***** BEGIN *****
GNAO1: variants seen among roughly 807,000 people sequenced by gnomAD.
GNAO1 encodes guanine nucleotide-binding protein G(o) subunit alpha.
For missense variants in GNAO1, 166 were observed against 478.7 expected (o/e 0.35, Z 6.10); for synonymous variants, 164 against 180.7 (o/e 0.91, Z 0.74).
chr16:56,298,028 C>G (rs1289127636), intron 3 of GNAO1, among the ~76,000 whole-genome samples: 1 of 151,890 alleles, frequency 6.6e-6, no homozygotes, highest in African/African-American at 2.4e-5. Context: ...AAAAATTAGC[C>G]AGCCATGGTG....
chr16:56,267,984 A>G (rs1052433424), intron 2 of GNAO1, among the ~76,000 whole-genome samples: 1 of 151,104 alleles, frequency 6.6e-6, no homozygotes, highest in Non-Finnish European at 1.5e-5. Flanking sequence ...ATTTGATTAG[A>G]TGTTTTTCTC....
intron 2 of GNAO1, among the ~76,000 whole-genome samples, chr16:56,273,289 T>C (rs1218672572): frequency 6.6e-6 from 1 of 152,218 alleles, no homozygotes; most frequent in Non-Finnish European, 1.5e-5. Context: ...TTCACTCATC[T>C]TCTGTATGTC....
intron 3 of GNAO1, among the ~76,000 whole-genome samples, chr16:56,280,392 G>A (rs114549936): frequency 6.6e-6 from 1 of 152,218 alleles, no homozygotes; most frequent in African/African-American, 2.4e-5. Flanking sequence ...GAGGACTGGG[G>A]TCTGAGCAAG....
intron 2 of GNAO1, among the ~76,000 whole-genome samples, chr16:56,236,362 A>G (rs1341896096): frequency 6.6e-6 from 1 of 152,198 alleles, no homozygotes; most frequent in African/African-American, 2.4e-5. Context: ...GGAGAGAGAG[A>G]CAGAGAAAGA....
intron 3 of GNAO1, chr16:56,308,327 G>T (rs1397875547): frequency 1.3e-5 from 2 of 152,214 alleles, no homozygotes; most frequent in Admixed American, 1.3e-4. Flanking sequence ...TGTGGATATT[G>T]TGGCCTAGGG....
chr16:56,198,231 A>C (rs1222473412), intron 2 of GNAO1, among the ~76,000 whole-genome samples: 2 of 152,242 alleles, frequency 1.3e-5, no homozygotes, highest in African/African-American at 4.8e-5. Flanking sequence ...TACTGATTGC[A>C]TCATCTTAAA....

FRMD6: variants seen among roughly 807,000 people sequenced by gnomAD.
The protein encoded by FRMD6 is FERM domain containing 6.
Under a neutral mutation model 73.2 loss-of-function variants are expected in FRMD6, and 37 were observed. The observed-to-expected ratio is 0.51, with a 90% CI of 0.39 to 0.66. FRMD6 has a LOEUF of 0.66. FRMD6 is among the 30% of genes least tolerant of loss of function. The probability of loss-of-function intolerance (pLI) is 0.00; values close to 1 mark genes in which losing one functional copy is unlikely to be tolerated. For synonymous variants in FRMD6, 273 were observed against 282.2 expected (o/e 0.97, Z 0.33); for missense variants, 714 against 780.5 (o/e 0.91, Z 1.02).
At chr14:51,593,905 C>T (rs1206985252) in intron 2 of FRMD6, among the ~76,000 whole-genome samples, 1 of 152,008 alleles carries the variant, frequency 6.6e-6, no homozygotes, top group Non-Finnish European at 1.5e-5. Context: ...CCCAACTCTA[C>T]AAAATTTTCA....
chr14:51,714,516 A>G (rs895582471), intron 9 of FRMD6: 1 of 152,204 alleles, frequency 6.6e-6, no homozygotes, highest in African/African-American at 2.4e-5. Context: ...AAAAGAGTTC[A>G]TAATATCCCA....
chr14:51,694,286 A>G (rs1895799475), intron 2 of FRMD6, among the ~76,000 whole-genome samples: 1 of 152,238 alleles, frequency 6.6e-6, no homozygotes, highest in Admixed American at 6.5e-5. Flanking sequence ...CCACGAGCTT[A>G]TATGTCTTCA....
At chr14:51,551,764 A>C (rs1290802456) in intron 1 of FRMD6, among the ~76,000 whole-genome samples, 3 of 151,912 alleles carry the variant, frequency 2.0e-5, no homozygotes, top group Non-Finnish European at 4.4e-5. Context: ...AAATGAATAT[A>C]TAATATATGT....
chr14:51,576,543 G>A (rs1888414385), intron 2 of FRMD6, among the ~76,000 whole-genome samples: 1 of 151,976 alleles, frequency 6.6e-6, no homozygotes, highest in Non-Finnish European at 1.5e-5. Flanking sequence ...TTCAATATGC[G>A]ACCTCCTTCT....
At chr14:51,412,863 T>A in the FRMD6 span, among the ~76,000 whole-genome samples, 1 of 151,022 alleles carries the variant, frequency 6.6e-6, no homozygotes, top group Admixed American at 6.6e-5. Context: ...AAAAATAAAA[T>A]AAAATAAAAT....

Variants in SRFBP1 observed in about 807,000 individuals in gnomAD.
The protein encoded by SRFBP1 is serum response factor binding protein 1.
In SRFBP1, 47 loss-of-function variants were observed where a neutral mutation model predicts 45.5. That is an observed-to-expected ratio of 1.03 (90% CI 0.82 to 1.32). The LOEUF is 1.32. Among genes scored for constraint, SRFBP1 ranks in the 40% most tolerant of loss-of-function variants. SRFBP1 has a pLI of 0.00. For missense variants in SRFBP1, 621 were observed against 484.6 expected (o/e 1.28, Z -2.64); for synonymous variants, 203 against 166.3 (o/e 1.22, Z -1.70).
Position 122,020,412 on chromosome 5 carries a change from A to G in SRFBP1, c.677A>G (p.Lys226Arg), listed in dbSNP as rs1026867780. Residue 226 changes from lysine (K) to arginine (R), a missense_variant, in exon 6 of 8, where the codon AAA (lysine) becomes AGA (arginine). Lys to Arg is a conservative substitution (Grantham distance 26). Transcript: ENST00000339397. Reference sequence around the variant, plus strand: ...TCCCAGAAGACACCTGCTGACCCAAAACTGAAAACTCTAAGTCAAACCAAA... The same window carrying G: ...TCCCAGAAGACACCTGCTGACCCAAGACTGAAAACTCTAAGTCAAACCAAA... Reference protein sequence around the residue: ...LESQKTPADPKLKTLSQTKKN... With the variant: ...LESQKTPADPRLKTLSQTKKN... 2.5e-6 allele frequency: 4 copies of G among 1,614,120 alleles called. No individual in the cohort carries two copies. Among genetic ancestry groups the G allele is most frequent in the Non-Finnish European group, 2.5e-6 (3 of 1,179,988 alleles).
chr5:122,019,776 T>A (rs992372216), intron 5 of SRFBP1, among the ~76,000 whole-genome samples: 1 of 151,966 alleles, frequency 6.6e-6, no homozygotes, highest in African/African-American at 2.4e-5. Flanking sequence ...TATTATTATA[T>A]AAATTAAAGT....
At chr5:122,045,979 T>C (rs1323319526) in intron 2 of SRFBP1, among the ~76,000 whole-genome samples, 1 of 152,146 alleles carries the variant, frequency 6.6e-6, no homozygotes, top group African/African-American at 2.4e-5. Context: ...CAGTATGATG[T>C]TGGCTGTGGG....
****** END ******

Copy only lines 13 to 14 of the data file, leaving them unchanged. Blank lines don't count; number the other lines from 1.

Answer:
Under a neutral mutation model 73.2 loss-of-function variants are expected in FRMD6, and 37 were observed. The observed-to-expected ratio is 0.51, with a 90% CI of 0.39 to 0.66. FRMD6 has a LOEUF of 0.66. FRMD6 is among the 30% of genes least tolerant of loss of function. The probability of loss-of-function intolerance (pLI) is 0.00; values close to 1 mark genes in which losing one functional copy is unlikely to be tolerated. For synonymous variants in FRMD6, 273 were observed against 282.2 expected (o/e 0.97, Z 0.33); for missense variants, 714 against 780.5 (o/e 0.91, Z 1.02).
At chr14:51,593,905 C>T (rs1206985252) in intron 2 of FRMD6, among the ~76,000 whole-genome samples, 1 of 152,008 alleles carries the variant, frequency 6.6e-6, no homozygotes, top group Non-Finnish European at 1.5e-5. Context: ...CCCAACTCTA[C>T]AAAATTTTCA....